The biggest mistake writer’s make, is thinking their story is ready after they have finished writing their book. Whether you go the traditional route or want to self-publish, it is always a mistake to run out and seek someone to publish your book after the first draft. You should pat yourself on the back, because you have accomplished something that eludes many writers and you have a right to be excited and proud, but 99% of the time it is not ready for publication. You have just taken step one of the publication process.

So many self-published books could have made money for the author, if only they could take control of that excitement of finishing that first draft.  Even if it is your fourth draft and is the best book ever written, don’t mess it up by accepting a bad contract. There are companies who try to act like real publishers, who will take anybody and any book and offer a contract. The author is elated and jumps at the offer. Don’t do That!

I am convinced these companies do not give any thought as to the quality of the content. Sometimes I wonder if they even take the time to read the books submitted. They offer production, distribution, press release, and design and artwork, but it is all so inferior that even if the first draft of the book was well written and unique, it ends up being so ugly and made from such poor quality paper that no one, other than friends and family would purchase the book. Then they throw on an extremely high price, like $25 for a picture book, which further dooms the sale of the book.

These pretend publishers realize everyone has friends and family and will get those sales and occasionally they might get someone who really promotes their book and sells more than 50 copies.  For all their work these motivated authors end up making maybe a total of $150. When if they had taken their time, did their homework, and made the right choices, they could have put out a good book that people actually read and would have made money for them.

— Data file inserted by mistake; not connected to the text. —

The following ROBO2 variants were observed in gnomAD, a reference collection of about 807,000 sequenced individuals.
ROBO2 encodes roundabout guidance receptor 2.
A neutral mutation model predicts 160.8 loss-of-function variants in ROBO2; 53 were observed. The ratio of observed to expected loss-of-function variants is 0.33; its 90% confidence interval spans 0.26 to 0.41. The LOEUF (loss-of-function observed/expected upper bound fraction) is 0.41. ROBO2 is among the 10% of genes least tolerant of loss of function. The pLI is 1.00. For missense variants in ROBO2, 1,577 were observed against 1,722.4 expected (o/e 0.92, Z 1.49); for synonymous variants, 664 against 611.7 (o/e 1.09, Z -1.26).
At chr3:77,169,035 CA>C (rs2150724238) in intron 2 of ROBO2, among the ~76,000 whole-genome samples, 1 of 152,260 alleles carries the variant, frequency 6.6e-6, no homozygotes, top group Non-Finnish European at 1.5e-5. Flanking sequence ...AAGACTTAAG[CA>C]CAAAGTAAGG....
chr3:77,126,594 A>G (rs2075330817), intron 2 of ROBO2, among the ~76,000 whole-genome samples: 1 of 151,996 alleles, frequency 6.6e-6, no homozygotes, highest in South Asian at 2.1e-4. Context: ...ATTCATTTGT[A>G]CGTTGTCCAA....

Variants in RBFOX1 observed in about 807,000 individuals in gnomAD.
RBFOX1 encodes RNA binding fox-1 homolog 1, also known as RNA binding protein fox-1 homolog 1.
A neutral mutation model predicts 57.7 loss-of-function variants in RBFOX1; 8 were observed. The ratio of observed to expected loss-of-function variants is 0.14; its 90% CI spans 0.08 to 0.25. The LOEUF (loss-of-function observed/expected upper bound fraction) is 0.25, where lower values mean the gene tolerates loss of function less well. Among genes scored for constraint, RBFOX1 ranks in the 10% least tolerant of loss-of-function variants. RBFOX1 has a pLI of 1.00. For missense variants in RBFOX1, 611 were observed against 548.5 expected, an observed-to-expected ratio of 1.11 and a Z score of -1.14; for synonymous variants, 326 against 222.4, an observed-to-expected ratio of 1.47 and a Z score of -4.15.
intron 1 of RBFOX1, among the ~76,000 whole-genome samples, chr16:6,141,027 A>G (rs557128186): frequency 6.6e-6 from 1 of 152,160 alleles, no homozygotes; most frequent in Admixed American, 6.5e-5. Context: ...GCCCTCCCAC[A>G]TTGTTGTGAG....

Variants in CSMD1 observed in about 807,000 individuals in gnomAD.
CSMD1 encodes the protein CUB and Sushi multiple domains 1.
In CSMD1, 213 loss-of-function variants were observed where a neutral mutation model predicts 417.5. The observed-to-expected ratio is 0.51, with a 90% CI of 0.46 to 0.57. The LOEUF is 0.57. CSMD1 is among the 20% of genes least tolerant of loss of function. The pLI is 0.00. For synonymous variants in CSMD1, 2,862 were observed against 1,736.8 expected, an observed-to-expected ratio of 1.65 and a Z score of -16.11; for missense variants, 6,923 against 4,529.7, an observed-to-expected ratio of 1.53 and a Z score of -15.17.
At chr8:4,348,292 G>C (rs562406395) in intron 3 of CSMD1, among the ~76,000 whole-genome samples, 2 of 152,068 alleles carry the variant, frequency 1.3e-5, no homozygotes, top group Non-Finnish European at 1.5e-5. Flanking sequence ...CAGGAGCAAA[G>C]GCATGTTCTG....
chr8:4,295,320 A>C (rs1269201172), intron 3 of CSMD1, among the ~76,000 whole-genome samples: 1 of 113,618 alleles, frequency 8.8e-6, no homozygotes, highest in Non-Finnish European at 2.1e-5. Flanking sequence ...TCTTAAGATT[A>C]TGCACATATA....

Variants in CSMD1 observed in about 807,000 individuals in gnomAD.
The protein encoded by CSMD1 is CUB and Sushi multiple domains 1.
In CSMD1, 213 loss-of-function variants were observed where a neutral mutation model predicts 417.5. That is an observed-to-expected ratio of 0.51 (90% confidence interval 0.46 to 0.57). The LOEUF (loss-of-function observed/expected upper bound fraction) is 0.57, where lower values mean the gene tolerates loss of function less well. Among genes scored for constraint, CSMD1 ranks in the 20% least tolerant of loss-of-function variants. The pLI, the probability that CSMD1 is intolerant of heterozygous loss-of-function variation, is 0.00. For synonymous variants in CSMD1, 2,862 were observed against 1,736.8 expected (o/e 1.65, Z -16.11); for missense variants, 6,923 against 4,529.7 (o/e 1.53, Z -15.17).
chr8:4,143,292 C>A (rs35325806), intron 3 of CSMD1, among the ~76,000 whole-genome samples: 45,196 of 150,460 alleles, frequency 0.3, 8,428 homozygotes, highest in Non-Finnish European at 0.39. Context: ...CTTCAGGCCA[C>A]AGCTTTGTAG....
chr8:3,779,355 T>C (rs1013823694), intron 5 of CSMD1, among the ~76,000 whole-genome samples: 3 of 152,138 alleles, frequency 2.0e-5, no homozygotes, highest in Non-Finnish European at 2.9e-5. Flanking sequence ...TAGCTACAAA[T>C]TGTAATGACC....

There are so many things to consider and now so many forms of publishing your book. At the beginning of the year, I promised to start including self-publishing in my post. Next week, I will start pointing out steps you need to take, places to consider, and what they bring to the table, new formats and how to make that happen, and how to get your book seen and distributed.

Hope you’ll stop back.

Talk tomorrow,

Kathy


Filed under: Advice, authors and illustrators, demystify, How to, need to know, Process, publishers, Publishing Industry, reference, Tips Tagged: How to Self Publish Your book, Self-Publishing

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42. Introducing The Weekend Writer; Also, IndieReCon Is Next Week

I have written about writing process here, but usually I'm whining. I've frequently written about plotting. I've written about publishing and e-publishing. But I've never been one of those writers who actually writes Advice for Writers or maintains that kind of information at her website. For one thing, reading about writing can be boring as Hell, and I wasn't confident that I could do anything about that problem. For another, many writers are already doing that at their websites, and I had no reason to believe I could do it any better. For still another, I've never thought that I have all that much to offer. And, finally, I thought this blog is probably read mostly by other writers, litbloggers, and my computer guy, none of whom are looking for writing advice.